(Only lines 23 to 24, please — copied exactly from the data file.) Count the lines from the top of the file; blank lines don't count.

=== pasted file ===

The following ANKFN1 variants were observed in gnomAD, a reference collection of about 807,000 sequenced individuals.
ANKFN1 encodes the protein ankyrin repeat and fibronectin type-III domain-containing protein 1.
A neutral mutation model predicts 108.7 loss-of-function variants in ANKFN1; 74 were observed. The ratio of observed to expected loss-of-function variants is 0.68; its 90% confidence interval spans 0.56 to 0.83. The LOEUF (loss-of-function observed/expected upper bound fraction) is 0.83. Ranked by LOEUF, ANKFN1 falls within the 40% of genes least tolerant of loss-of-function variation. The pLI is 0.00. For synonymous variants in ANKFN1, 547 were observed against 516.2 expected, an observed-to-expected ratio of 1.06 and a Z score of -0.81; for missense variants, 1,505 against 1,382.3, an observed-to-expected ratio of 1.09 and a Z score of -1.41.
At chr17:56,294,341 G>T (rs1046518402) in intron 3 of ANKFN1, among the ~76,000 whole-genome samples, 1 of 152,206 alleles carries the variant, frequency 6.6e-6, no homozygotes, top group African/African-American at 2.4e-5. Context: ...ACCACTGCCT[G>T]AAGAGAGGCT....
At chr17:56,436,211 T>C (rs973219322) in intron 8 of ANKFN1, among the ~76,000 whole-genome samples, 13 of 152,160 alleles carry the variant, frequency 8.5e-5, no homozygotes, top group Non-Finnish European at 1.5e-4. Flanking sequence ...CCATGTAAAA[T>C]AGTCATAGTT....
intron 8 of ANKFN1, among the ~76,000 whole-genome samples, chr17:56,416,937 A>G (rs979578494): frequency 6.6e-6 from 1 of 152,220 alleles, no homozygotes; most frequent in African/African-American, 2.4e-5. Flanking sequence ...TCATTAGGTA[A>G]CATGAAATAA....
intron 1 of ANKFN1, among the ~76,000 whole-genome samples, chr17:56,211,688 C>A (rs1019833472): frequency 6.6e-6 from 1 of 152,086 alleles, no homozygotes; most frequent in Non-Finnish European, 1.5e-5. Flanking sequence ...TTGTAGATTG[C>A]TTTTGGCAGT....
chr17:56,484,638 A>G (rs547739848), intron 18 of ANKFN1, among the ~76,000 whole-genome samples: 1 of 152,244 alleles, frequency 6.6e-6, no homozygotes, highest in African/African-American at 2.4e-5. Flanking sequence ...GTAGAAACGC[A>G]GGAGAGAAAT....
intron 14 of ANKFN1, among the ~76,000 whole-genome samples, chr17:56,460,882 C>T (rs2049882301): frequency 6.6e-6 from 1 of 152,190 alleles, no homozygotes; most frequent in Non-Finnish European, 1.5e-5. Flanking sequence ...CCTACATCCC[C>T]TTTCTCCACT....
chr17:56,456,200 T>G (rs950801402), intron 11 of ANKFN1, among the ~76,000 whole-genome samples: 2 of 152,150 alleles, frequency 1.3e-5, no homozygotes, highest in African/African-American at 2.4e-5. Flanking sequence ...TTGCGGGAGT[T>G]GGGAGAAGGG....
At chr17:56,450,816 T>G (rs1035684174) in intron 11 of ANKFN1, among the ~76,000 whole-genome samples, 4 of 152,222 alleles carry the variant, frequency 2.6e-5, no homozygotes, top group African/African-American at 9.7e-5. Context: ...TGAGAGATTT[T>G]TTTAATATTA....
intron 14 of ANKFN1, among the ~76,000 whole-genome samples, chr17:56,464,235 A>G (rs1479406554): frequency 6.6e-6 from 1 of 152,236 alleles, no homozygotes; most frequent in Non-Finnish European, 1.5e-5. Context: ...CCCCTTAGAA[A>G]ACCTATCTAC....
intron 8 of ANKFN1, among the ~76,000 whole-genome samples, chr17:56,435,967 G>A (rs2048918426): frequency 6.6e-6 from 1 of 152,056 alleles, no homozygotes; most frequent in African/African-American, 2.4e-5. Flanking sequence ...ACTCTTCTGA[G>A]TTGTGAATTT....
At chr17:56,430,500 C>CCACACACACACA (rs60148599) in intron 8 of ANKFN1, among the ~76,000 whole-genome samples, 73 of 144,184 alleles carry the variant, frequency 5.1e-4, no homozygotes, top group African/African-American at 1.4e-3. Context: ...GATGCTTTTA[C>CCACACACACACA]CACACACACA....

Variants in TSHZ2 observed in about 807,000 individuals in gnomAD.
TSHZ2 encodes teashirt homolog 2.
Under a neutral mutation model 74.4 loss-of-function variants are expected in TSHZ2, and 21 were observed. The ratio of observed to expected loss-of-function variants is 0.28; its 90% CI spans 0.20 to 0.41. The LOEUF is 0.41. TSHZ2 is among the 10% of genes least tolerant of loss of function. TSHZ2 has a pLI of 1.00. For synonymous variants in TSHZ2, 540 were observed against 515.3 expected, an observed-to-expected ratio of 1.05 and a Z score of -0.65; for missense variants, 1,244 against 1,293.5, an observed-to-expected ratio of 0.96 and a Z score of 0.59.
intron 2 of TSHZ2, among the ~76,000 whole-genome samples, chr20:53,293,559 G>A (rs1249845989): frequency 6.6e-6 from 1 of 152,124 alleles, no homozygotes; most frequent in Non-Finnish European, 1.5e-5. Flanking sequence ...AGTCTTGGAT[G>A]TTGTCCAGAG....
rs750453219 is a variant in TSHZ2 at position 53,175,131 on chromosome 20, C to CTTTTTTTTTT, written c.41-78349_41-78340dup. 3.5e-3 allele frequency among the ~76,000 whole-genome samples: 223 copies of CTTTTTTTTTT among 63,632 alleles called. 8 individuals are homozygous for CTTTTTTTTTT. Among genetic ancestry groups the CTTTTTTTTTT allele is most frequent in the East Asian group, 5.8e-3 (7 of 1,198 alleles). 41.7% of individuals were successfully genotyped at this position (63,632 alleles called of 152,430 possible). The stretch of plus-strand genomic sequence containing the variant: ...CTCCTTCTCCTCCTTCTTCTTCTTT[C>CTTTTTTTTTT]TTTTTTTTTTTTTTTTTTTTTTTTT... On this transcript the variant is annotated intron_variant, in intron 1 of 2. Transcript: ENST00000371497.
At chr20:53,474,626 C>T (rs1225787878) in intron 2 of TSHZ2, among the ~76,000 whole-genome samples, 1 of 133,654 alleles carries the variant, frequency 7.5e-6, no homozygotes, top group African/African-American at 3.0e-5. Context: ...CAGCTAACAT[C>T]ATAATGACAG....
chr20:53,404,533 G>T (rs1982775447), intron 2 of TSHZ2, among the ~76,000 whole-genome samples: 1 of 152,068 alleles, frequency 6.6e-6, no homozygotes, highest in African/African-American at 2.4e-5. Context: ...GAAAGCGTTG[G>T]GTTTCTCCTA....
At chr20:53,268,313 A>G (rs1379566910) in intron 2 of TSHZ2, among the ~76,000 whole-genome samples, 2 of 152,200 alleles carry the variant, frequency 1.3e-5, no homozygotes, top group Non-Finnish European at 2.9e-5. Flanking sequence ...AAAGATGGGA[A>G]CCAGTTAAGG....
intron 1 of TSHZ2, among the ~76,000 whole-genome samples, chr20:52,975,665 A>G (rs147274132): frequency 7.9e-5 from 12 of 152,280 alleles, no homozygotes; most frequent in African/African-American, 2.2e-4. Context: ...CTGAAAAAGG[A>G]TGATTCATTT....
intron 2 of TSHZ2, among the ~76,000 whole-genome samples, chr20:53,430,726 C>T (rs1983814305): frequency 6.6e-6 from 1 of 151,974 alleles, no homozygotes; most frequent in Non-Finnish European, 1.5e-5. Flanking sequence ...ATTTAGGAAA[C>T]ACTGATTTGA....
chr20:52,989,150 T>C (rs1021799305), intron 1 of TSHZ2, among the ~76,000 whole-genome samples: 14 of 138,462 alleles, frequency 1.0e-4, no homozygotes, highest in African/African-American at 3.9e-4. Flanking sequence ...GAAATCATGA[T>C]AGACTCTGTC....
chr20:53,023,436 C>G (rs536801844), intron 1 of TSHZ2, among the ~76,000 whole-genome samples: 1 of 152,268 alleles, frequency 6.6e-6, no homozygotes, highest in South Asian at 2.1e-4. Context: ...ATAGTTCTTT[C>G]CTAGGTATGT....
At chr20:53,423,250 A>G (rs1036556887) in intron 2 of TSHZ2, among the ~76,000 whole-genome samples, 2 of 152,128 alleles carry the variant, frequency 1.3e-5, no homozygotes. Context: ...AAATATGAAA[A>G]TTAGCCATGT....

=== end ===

intron 1 of TSHZ2, among the ~76,000 whole-genome samples, chr20:52,975,665 A>G (rs147274132): frequency 7.9e-5 from 12 of 152,280 alleles, no homozygotes; most frequent in African/African-American, 2.2e-4. Context: ...CTGAAAAAGG[A>G]TGATTCATTT....
intron 2 of TSHZ2, among the ~76,000 whole-genome samples, chr20:53,430,726 C>T (rs1983814305): frequency 6.6e-6 from 1 of 151,974 alleles, no homozygotes; most frequent in Non-Finnish European, 1.5e-5. Flanking sequence ...ATTTAGGAAA[C>T]ACTGATTTGA....